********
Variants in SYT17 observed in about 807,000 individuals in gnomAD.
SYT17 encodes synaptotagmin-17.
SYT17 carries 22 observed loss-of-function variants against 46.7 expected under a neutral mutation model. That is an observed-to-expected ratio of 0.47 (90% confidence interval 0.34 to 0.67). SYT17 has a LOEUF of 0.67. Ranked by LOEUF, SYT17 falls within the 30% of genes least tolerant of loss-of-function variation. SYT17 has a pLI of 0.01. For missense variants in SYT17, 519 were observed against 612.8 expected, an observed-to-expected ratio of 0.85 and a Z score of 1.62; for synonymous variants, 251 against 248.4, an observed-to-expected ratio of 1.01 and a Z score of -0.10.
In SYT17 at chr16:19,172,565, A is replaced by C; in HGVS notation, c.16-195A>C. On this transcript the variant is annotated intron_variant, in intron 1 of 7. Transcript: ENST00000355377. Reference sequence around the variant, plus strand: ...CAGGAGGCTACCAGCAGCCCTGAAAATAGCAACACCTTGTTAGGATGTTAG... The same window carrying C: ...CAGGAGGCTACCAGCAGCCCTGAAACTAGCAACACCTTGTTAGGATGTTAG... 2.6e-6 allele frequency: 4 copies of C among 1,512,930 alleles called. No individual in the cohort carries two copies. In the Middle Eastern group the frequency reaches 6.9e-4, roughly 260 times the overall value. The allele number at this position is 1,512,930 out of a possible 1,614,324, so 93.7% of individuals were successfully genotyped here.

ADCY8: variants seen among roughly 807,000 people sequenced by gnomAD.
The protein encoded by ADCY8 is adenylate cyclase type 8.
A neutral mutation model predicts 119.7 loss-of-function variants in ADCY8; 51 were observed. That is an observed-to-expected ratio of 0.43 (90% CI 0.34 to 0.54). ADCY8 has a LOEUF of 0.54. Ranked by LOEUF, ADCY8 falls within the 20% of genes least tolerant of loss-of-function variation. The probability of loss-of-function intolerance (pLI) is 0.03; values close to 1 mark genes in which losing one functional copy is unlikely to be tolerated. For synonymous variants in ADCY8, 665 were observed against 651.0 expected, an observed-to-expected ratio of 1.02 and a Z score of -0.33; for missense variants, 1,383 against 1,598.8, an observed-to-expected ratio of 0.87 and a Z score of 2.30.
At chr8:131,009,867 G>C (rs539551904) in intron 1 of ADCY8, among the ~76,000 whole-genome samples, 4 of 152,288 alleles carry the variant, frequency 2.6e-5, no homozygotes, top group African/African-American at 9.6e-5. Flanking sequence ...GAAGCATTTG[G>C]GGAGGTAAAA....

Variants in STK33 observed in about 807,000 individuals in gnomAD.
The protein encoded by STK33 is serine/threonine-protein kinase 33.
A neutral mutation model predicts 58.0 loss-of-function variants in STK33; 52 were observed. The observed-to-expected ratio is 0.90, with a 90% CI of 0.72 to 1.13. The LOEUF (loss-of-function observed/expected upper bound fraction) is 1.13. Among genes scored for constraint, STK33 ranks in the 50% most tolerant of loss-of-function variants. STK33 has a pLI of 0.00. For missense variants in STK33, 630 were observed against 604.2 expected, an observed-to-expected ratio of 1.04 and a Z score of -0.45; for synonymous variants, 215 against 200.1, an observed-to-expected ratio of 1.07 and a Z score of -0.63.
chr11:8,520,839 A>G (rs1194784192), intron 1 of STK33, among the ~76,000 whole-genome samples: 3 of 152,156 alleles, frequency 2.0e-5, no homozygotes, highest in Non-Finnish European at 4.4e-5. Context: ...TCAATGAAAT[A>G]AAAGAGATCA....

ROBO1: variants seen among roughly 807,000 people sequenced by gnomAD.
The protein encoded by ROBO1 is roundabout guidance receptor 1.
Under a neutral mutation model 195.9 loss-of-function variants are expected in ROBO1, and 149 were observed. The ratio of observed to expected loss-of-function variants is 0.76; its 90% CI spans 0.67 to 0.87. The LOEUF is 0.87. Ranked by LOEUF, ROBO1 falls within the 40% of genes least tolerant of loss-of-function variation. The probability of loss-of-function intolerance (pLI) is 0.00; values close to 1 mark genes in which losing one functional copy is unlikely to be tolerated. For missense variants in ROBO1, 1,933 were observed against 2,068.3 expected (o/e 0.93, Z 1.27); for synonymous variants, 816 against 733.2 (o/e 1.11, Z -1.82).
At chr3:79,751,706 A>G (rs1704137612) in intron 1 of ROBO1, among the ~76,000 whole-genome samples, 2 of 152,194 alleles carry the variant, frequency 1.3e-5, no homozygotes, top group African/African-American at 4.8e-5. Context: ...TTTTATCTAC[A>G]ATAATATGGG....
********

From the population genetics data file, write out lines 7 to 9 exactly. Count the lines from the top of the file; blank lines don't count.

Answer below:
A neutral mutation model predicts 119.7 loss-of-function variants in ADCY8; 51 were observed. That is an observed-to-expected ratio of 0.43 (90% CI 0.34 to 0.54). ADCY8 has a LOEUF of 0.54. Ranked by LOEUF, ADCY8 falls within the 20% of genes least tolerant of loss-of-function variation. The probability of loss-of-function intolerance (pLI) is 0.03; values close to 1 mark genes in which losing one functional copy is unlikely to be tolerated. For synonymous variants in ADCY8, 665 were observed against 651.0 expected, an observed-to-expected ratio of 1.02 and a Z score of -0.33; for missense variants, 1,383 against 1,598.8, an observed-to-expected ratio of 0.87 and a Z score of 2.30.
At chr8:131,009,867 G>C (rs539551904) in intron 1 of ADCY8, among the ~76,000 whole-genome samples, 4 of 152,288 alleles carry the variant, frequency 2.6e-5, no homozygotes, top group African/African-American at 9.6e-5. Flanking sequence ...GAAGCATTTG[G>C]GGAGGTAAAA....

Variants in STK33 observed in about 807,000 individuals in gnomAD.